Things to do nearby Mill Cottage
Mill Cottage is wonderfully situated in Santon Bridge which lies within easy reach of three beautifully tranquil western Lake District Valleys. Wasdale, Mitredale and Eskdale are all on the doorstep opening up a world of rich and diverse history, excellent cycling and of course unparalelled walking opportunities. It's also just a stone's throw from some excellent eateries not least a well loved local pub just a short stroll away!
The Cottage lies between a former mill race and the River Irt, a crystal clear beck that runs from Wastwater to the sea. There's an abundance of wildlife to spot along its banks and it's a magical place for the children to paddle on a sunny day. The village also boasts a delightful craft shop with an excellent cafe just a short walk away. It's a fantastic place for an indulgent afternoon tea!
The valley of Wasdale must certainly be ranked as one of the most beautiful and tranquil places in the entire country. While its staggering scenery is a magnet for walkers, cyclists, divers, swimmers and general potterers it still retains its unspoiled quality and feeling of remoteness. It's a place with many superlatives attached to it, indeed it is the proud home of England's highest mountain, deepest lake, smallest church and also the competition for the World's biggest liar (which is held annually at The Bridge Inn, virtually next door)! It's also home to some excellent pubs and even a microbrewery. Stretching 12 miles from Wasdale Head at the top of the valley down to the village of Gosforth, this is a place that has hardly changed for centuries. Colonised by Norse farmers in the 9th and 10th centuries, the valley bottom is a patchwork of fields from the time of the Vikings, leading up to the lake and magnificent mountains rearing up to the sky. St Olaf's England's smallest church set amongst a small wood of yew trees. The roof beams are said to have come from Viking ships.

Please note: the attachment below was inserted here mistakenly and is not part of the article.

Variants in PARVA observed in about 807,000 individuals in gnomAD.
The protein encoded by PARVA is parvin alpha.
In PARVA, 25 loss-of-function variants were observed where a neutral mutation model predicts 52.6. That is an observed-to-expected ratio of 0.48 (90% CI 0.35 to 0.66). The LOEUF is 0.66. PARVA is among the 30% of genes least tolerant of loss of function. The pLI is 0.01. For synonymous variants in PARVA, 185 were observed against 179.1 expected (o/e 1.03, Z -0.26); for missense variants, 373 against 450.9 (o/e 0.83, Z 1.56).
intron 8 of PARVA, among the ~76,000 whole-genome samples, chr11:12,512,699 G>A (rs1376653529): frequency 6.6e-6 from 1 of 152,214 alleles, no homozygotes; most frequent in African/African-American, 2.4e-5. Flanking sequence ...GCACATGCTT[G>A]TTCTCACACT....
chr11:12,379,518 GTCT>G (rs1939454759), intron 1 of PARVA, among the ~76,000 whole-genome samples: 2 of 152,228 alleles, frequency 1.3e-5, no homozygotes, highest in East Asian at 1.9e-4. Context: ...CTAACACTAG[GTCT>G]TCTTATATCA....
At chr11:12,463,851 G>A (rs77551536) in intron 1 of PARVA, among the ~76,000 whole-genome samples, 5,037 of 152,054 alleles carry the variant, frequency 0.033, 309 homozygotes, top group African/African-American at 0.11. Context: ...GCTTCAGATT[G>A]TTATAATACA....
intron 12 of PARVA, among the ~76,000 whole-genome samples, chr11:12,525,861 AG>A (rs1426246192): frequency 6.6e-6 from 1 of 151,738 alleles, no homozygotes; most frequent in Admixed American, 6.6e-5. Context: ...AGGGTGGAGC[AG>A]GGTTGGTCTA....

Wasdale offers unrivalled opportunities for walking with the mightiest Lakeland peaks, the Scafells rearing up from the valley's floor being an obvious choice for the energetic and well prepared rambler. There are also many smaller fells with extremely rewarding views. The Wastwater Screes which appear to climb straight out of Wastwater's depths, rising to a height of almost 200ft and plunging more than 200ft underneath the water. This immense wall of crags and shattered rock runs the length of the lake and is a sight to behold from the opposite shores of the lake. For the sure-footed, there is a path directly beneath the Screes, crossing a tricky boulder field. Visitors to Mill Cottage can walk up Irton Pike rising out of Santon Bridge and join the ridge of The Screes right from the door. Read more in our Wasdale Guide
The valley is the birthplace of Cumbrian rock climbing with great Lakeland pioneers such as the Abraham brothers making the most of the mighty crags of the valley. These days climbers flock to the great walls of Scafell and Great Gable. The Barn Door shop at Wasdale Head is a highly reliable source of information for routes and sells an inordinate amount of equipment.
Wastwater is an absolute jewel, a crystal clear lake which is a delight to behold. The lake is very peaceful as motor boats aren’t permitted (apart from the mountain rescue team!). You are welcome to bring your own kayaks, canoes and rowing boats and enjoy the mountain scenery from a different perspective. There are plenty of picnic spots and beautiful places to swim or go for a paddle. A wild swimmer's paradise. Wastwater is a magnet for divers and rumour has it there is a gnome garden in the depths of the murky waters and the remains of a WW2 airplane. For expert divers only of course.